Have you ever been in a social situation with people that you don’t know talking about the situation that you’re in? It’s like trying to do an improv scene about improv. It’s “scene squashing” (to borrow a term from my days doing Improv Comedy). I found myself in that exact conversation, but it was even more meta than just being in a social setting with people that I don’t know… it was a social situation talking to people that I don’t know, talking about how to interact with people I don’t know. It was awkward, but also helpful to hear the perspective of others.
I had joined the conversation a little late but deduced that the conversation was about justifying time spent networking. Is it work or is it play? Though I’d love to get into another reiteration of “Give And Take” I’ll spare you a story about Adam Rifkin. I will, however, share with you my logic in answering this question:
Networking: Is it work or play?
When I hear the word “networking” I say to myself that it’s “work”… it’s built right into the word! How could it not be? But, if you have the personality for it, get energized by it, or see the fun in it, you could consider it play. So, what does that make it? The gray area…?
As I pondered the answer to the networking question while at the networking event (so meta…), Peter Bregman’s book “18 Minutes” came to mind. I read Peter Bregman’s book because my mentor was reading it and I had just finished up a book… and I was looking to start another one. I’m typically a research-before-reading kind of person, but she had good things to say about Bregman (as a professional) so I figured his book couldn’t be too bad. It wasn’t. It was the epitome of a “quick read.” In it he walks you through your life the way that it happens everyday of your (professional) life… you sit down at your desk and your world explodes in front of you - fires to fight, urgent e-mails, cat pictures (ugh)… sooner or later you forget what it was that you sat down at your desk to do. Day over. Through casual narration, Bregman asks you to step back from your mess of a day and look at your life through the lens of five areas of focus (95% of your life, with a 6th area filling up the remaining 5%). He talks you through questions to answer, lists to make, and things to do to help you get to and maintain your core five areas.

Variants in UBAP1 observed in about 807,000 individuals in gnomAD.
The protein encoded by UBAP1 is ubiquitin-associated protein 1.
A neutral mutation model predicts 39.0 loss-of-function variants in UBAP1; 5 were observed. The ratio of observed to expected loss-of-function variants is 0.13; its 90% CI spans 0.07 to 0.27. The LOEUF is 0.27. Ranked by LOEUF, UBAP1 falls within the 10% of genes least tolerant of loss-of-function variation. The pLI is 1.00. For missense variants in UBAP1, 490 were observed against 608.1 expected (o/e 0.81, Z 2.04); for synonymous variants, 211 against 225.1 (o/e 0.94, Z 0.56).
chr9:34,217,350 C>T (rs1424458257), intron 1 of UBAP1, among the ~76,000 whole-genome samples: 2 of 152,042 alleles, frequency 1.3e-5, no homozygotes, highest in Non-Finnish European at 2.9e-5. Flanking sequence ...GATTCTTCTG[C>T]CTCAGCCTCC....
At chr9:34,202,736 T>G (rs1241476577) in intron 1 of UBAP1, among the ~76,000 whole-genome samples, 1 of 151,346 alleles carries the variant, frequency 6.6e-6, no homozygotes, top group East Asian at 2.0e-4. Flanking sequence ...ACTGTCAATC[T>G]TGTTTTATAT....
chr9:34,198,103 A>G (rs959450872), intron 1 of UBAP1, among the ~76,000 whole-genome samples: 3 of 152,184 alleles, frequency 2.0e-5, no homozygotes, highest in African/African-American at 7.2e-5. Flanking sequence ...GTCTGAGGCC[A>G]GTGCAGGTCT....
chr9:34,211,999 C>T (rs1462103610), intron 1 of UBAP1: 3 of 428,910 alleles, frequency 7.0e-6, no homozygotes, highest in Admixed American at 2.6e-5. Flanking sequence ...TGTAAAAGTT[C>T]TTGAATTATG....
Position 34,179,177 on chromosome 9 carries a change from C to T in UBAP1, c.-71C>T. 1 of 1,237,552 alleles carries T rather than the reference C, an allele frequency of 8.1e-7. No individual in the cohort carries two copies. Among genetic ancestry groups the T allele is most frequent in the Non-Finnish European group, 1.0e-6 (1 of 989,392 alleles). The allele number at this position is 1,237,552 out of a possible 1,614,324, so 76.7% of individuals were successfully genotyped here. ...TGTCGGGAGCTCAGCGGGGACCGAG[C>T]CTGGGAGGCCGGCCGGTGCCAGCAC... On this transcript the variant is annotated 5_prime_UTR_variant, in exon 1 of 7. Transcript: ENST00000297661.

Because he has the resources available, you can check out his worksheets and to do lists. Personally, I enjoyed the book enough to adopt the 18-minute framework, but kept my own to do lists. (However, I appreciate the simplicity of the templates for those willing to adopt them.)
At the end of the book the concept of 18-minutes to effectively manage your day reminded me of the way that Homeplus’ Chairman Lee Seung-han arranged his values into a wheel of happiness (a pizza pie of things that are important to him). Needless to say, I was impressed and saved a copy of the image to replicate. After reading “18-minutes,” I documented my own.
Coming back to the question, is networking “work” or “play”? I answered “work.” For me, given my five areas of focus, networking is helping me to achieve my goals in at least two out of my five areas of focus. My meta conversation partners agreed and our former “bill by the hour” consultant friend felt better about his time spent chatting with us… or at least I hope he did!